Both of the teachers said they had a hard time making a recommendation. They each said Autumn is very smart but that a year in pre-k would help her become more of a leader.

“Kindergarten is not what it used to be,” said one. “Learning through play is crucial to child development and pre-k would help her build the skills she’d need to really excel in kindergarten.”

So here we had three teachers telling us Autumn was academically ready for kindergarten but that pre-k was the less risky option that would allow our child more time to be a child. It’s a practice called “red shirting” and many parents do choose to hold their children back a year. My parents did. Since my birthday is a week after Autumn’s and since Nathan and I live in the same district where I grew up, my parents were in the very same situation 34 years ago. I tested ready for kindergarten but the evaluator suggested pre-k. And so that’s where I went.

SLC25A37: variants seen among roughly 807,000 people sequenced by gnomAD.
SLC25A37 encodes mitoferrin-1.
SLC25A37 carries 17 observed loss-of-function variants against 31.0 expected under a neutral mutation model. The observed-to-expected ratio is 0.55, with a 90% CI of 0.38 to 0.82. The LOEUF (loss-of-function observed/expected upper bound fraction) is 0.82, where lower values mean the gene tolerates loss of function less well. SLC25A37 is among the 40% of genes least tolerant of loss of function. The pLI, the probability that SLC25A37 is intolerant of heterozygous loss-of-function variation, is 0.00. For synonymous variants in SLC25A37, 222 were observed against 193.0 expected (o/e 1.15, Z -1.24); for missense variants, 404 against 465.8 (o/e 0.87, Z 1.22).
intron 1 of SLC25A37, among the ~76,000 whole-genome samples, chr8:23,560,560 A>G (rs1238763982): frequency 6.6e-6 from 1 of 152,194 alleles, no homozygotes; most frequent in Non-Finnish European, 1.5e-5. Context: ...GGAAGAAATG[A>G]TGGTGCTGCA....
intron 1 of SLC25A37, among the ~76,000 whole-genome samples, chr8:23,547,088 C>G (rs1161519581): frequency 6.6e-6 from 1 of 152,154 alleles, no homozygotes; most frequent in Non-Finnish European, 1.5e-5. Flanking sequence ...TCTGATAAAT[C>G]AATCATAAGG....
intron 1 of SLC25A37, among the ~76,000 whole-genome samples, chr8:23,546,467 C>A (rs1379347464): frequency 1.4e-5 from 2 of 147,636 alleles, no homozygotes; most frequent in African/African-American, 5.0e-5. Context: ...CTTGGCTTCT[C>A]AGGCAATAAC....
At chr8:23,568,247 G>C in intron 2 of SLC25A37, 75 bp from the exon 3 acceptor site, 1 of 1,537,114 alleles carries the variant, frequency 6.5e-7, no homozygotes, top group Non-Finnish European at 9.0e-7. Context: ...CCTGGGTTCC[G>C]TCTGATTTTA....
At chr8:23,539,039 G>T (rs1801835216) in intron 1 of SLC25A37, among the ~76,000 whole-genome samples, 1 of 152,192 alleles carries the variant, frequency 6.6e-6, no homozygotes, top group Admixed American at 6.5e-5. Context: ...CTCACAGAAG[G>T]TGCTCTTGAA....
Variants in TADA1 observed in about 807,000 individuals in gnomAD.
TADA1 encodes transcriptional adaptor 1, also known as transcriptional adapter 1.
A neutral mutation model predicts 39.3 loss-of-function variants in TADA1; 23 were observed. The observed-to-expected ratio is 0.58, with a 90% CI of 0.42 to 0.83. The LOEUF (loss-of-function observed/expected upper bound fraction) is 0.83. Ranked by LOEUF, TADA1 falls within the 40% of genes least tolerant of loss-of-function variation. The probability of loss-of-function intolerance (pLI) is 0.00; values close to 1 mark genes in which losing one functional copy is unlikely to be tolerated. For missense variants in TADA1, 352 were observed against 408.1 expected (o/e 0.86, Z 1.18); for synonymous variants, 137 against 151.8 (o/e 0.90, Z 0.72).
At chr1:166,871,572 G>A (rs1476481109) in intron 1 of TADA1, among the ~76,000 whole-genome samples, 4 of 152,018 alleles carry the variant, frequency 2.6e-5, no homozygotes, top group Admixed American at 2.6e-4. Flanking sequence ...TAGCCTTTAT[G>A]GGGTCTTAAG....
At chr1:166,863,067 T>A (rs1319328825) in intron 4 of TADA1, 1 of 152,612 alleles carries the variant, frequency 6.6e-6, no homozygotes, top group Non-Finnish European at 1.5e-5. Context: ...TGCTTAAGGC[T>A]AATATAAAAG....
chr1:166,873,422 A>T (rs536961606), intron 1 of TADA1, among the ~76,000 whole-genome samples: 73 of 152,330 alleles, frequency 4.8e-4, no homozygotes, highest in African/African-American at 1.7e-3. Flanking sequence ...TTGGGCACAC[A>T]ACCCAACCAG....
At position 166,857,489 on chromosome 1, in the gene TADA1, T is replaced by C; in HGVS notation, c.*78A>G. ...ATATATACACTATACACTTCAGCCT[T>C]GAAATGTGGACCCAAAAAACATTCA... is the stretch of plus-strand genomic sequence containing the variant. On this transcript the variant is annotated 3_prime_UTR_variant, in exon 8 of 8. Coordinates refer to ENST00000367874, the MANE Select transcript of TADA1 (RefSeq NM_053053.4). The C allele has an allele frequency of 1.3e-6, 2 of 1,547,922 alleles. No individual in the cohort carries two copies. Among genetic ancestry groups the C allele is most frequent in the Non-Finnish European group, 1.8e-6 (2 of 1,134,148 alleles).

Now this is the part where being a parent sucks because these kinds of decisions are the ones that have the potential to have repercussions years down the line. Will she fall behind academically because we pushed her before she’s ready? Will she be that much more immature than her peers? Did we take away her childhood a little too early?

And, of course, will she hate us because she’ll be the last of her friends to earn her driver’s license?

I really wanted this to feel right. No matter what we chose, I wanted to know we’d made the best decision for our child. But it just wasn’t happening. No matter which way we went, there was an even balance of pros and cons that left me with a nauseating sense of uncertainty.

This is my child. My one and only child. I don’t want to make the wrong decision.

On the other hand, I also don’t want to play it too safe. I don’t want to limit her potential and I do want to challenge her.